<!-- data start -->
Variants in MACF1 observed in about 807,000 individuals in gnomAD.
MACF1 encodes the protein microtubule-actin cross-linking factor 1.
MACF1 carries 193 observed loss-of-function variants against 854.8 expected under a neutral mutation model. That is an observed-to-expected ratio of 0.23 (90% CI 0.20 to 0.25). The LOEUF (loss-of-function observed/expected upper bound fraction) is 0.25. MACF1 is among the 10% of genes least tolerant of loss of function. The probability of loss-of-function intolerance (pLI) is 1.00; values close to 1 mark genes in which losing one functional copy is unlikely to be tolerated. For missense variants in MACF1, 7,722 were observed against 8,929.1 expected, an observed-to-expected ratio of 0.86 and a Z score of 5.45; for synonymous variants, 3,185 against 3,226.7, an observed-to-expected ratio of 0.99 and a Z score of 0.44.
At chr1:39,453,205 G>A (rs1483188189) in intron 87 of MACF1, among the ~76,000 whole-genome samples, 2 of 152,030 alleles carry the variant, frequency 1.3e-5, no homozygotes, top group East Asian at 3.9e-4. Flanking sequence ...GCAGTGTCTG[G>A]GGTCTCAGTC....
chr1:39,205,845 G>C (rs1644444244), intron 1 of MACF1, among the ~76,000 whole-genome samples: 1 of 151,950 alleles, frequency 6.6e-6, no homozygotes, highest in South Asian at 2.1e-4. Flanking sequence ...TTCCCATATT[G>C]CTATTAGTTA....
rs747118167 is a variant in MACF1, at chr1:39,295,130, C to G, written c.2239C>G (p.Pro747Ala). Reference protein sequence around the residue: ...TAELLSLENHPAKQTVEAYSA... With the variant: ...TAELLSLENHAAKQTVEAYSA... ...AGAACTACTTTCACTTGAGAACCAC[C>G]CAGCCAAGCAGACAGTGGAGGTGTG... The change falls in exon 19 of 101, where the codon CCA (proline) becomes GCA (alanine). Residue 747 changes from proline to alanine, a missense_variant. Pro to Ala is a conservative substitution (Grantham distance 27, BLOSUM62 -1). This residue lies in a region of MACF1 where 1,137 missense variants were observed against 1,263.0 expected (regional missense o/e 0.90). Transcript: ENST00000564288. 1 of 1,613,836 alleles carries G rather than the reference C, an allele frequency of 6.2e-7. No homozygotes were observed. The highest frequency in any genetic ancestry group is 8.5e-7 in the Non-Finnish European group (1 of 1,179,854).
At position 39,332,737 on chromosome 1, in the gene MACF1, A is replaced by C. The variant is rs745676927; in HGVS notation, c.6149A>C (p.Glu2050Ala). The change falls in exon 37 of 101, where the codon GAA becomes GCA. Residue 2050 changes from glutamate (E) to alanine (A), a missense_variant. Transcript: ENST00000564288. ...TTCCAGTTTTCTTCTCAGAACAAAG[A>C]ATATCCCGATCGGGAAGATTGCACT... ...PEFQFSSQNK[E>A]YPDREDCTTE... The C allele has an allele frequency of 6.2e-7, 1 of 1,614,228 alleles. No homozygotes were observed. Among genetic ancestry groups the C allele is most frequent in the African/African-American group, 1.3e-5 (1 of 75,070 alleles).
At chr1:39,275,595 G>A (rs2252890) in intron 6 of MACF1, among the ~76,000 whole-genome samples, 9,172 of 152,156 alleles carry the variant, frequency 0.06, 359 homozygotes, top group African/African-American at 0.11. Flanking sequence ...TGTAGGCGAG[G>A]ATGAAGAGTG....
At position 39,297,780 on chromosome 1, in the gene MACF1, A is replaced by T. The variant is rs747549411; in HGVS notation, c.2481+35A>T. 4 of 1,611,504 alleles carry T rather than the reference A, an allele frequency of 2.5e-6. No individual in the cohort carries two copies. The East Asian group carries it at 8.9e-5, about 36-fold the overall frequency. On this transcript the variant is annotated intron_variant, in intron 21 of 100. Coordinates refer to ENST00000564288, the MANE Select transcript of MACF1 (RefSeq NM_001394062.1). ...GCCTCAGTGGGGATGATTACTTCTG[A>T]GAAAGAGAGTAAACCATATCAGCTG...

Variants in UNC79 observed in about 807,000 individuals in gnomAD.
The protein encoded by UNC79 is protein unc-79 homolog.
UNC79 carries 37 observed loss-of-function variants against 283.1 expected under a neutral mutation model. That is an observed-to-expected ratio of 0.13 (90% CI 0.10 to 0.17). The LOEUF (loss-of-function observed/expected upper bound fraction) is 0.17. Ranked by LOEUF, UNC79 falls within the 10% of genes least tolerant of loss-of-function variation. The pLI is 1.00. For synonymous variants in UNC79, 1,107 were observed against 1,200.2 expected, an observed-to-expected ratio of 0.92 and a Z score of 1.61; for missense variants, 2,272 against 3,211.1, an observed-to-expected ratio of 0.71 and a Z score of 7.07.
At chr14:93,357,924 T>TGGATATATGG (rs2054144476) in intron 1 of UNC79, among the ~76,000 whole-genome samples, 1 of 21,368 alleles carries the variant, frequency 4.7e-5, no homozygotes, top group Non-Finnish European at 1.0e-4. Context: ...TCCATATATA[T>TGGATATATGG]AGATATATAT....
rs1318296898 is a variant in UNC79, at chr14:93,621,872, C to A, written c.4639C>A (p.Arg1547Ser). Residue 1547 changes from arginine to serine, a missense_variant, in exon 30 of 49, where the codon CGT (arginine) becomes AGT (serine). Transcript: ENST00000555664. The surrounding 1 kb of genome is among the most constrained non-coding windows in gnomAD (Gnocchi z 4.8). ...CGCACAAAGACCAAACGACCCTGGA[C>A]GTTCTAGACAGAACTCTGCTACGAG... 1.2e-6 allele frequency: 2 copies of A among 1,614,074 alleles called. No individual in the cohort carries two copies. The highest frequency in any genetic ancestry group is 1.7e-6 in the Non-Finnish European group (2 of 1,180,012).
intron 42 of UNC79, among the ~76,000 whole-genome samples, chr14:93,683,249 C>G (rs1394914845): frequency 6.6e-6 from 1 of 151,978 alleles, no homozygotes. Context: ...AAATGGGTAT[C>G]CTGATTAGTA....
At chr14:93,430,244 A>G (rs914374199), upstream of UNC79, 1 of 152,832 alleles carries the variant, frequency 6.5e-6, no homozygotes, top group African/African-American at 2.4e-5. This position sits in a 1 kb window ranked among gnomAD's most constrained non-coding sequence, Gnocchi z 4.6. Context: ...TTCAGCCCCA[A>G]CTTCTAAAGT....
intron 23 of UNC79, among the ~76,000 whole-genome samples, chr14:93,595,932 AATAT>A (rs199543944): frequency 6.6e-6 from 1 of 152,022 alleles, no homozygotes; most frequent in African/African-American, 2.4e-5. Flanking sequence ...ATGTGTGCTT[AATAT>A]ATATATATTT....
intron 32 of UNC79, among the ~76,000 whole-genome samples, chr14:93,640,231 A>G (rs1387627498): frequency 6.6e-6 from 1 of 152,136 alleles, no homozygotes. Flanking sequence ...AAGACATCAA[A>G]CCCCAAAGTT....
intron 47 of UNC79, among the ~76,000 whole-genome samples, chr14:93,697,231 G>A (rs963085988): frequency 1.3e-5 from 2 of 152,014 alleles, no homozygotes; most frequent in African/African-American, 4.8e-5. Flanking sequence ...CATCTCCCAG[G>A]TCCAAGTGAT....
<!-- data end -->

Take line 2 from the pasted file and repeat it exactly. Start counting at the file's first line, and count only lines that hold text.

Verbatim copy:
MACF1 encodes the protein microtubule-actin cross-linking factor 1.